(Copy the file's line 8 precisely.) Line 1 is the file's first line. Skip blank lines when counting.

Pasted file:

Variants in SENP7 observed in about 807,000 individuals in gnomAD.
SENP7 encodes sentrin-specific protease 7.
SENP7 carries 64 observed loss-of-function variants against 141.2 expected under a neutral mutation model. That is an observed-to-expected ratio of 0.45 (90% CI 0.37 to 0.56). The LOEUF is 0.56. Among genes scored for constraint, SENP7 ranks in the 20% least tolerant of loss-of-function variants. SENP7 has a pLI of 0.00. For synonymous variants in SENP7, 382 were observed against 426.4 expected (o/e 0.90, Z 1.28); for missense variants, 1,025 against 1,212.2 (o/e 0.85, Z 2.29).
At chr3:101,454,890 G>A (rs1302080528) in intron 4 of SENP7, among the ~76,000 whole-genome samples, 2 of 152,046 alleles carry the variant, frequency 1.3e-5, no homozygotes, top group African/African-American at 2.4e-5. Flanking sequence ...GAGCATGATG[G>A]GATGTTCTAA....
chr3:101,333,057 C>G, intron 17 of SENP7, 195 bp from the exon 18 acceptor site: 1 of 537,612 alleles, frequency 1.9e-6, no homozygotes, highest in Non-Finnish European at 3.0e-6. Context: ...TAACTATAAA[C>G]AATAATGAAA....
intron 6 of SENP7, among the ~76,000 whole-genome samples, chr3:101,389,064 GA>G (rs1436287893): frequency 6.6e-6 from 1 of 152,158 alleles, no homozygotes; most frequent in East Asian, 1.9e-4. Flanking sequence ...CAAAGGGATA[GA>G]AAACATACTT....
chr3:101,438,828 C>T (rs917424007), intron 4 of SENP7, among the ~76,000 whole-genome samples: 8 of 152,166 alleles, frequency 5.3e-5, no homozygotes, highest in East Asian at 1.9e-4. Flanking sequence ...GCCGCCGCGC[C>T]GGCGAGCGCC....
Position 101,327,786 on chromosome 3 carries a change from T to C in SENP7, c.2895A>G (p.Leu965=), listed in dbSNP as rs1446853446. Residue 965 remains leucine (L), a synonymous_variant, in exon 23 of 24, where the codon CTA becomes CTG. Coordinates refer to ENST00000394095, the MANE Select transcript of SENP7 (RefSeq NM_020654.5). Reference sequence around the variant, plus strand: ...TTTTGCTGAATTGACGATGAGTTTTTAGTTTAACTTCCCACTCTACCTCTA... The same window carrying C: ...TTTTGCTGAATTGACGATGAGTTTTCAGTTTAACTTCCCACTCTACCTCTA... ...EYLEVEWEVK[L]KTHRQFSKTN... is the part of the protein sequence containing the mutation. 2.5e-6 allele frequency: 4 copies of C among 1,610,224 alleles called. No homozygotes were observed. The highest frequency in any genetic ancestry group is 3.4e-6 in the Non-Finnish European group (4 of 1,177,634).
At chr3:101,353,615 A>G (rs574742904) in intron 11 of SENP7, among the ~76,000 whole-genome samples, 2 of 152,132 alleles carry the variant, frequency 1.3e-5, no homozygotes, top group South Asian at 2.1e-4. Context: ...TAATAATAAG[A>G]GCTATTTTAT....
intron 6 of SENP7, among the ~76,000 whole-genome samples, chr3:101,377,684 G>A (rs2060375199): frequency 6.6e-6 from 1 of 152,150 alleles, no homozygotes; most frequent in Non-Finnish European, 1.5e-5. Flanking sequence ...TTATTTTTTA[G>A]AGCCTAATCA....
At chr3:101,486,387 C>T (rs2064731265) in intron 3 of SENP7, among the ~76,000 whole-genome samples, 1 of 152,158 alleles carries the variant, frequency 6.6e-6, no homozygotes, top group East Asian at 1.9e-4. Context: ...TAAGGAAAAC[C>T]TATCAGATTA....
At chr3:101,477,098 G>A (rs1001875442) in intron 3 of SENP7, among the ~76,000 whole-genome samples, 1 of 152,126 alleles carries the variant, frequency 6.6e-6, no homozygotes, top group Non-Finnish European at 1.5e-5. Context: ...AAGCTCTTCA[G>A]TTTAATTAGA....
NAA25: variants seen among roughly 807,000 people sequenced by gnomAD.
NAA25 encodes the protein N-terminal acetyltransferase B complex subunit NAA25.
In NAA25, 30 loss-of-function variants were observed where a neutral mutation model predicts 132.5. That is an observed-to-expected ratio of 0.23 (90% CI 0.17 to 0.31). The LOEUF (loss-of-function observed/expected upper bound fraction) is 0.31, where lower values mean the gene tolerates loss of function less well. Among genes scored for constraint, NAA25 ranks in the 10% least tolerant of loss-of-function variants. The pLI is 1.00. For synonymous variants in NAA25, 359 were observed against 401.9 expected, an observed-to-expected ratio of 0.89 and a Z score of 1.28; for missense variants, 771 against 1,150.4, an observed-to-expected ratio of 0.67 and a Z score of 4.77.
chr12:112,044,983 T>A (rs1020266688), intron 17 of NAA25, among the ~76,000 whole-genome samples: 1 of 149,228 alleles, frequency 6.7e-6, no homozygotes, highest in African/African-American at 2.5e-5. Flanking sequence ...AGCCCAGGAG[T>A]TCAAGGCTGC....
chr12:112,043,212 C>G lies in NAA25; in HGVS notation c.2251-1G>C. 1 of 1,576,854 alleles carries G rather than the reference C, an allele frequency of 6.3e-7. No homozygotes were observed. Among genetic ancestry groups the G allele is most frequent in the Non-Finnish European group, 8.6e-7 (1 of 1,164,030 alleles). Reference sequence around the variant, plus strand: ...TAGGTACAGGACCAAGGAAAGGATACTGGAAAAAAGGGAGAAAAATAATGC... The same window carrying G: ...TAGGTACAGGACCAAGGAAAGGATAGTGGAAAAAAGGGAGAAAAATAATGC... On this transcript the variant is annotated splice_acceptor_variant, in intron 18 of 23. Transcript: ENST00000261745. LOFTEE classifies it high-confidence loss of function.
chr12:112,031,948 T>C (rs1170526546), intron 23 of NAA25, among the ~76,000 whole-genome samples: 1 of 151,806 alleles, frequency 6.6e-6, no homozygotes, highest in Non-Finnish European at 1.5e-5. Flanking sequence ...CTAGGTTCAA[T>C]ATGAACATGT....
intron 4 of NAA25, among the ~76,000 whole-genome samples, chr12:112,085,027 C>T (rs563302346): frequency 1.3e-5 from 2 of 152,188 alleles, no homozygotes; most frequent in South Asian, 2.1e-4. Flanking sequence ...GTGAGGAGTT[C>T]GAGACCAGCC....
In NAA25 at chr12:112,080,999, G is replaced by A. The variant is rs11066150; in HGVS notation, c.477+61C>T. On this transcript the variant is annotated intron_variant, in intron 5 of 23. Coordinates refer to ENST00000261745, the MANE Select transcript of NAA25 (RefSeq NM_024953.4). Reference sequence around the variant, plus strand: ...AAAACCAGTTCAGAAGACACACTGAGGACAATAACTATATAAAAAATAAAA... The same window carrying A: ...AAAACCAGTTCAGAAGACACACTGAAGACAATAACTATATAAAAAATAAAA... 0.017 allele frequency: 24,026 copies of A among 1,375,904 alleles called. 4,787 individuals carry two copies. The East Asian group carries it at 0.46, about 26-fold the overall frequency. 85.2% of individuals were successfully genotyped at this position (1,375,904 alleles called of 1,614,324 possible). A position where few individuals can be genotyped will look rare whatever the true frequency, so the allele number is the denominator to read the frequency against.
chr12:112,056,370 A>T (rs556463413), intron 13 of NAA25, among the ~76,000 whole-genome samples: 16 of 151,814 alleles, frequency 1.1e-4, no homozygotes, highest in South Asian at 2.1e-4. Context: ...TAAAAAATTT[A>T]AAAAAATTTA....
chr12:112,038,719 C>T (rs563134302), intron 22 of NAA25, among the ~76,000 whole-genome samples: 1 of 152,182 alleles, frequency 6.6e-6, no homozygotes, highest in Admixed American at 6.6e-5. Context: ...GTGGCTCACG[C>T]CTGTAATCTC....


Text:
Position 101,327,786 on chromosome 3 carries a change from T to C in SENP7, c.2895A>G (p.Leu965=), listed in dbSNP as rs1446853446. Residue 965 remains leucine (L), a synonymous_variant, in exon 23 of 24, where the codon CTA becomes CTG. Coordinates refer to ENST00000394095, the MANE Select transcript of SENP7 (RefSeq NM_020654.5). Reference sequence around the variant, plus strand: ...TTTTGCTGAATTGACGATGAGTTTTTAGTTTAACTTCCCACTCTACCTCTA... The same window carrying C: ...TTTTGCTGAATTGACGATGAGTTTTCAGTTTAACTTCCCACTCTACCTCTA... ...EYLEVEWEVK[L]KTHRQFSKTN... is the part of the protein sequence containing the mutation. 2.5e-6 allele frequency: 4 copies of C among 1,610,224 alleles called. No homozygotes were observed. The highest frequency in any genetic ancestry group is 3.4e-6 in the Non-Finnish European group (4 of 1,177,634).